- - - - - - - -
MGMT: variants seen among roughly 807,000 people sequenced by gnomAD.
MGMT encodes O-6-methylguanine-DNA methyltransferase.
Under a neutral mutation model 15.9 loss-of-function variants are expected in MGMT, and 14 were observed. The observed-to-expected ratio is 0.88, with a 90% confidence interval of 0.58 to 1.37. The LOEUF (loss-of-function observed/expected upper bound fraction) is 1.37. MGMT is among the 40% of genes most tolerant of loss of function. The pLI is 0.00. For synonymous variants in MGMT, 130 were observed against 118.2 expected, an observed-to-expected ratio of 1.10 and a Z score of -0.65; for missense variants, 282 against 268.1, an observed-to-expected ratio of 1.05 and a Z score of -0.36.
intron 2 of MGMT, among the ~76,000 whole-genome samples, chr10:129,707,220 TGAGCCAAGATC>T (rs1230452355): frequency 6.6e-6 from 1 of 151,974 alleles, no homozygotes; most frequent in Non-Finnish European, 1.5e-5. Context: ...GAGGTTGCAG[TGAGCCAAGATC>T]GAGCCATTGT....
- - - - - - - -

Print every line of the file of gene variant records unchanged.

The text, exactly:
MGMT: variants seen among roughly 807,000 people sequenced by gnomAD.
MGMT encodes O-6-methylguanine-DNA methyltransferase.
Under a neutral mutation model 15.9 loss-of-function variants are expected in MGMT, and 14 were observed. The observed-to-expected ratio is 0.88, with a 90% confidence interval of 0.58 to 1.37. The LOEUF (loss-of-function observed/expected upper bound fraction) is 1.37. MGMT is among the 40% of genes most tolerant of loss of function. The pLI is 0.00. For synonymous variants in MGMT, 130 were observed against 118.2 expected, an observed-to-expected ratio of 1.10 and a Z score of -0.65; for missense variants, 282 against 268.1, an observed-to-expected ratio of 1.05 and a Z score of -0.36.
intron 2 of MGMT, among the ~76,000 whole-genome samples, chr10:129,707,220 TGAGCCAAGATC>T (rs1230452355): frequency 6.6e-6 from 1 of 151,974 alleles, no homozygotes; most frequent in Non-Finnish European, 1.5e-5. Context: ...GAGGTTGCAG[TGAGCCAAGATC>T]GAGCCATTGT....